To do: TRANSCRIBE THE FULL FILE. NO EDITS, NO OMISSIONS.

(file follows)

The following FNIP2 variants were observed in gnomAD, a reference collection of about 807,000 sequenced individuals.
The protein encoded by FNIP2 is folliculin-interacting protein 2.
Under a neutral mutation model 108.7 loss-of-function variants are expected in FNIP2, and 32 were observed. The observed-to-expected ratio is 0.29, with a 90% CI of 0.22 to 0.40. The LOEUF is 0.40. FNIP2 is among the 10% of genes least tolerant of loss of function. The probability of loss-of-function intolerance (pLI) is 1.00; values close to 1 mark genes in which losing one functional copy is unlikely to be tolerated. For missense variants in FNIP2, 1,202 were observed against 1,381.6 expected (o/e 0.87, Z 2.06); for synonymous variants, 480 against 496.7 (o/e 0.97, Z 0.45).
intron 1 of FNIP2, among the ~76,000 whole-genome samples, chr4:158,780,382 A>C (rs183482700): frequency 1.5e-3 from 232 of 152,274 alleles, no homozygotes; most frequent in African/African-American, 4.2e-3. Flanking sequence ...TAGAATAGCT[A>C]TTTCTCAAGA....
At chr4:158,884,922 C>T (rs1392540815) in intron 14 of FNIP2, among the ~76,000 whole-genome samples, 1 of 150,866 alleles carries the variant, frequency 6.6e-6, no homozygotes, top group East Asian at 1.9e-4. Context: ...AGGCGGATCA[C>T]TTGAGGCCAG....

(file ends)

The following FNIP2 variants were observed in gnomAD, a reference collection of about 807,000 sequenced individuals.
The protein encoded by FNIP2 is folliculin-interacting protein 2.
Under a neutral mutation model 108.7 loss-of-function variants are expected in FNIP2, and 32 were observed. The observed-to-expected ratio is 0.29, with a 90% CI of 0.22 to 0.40. The LOEUF is 0.40. FNIP2 is among the 10% of genes least tolerant of loss of function. The probability of loss-of-function intolerance (pLI) is 1.00; values close to 1 mark genes in which losing one functional copy is unlikely to be tolerated. For missense variants in FNIP2, 1,202 were observed against 1,381.6 expected (o/e 0.87, Z 2.06); for synonymous variants, 480 against 496.7 (o/e 0.97, Z 0.45).
intron 1 of FNIP2, among the ~76,000 whole-genome samples, chr4:158,780,382 A>C (rs183482700): frequency 1.5e-3 from 232 of 152,274 alleles, no homozygotes; most frequent in African/African-American, 4.2e-3. Flanking sequence ...TAGAATAGCT[A>C]TTTCTCAAGA....
At chr4:158,884,922 C>T (rs1392540815) in intron 14 of FNIP2, among the ~76,000 whole-genome samples, 1 of 150,866 alleles carries the variant, frequency 6.6e-6, no homozygotes, top group East Asian at 1.9e-4. Context: ...AGGCGGATCA[C>T]TTGAGGCCAG....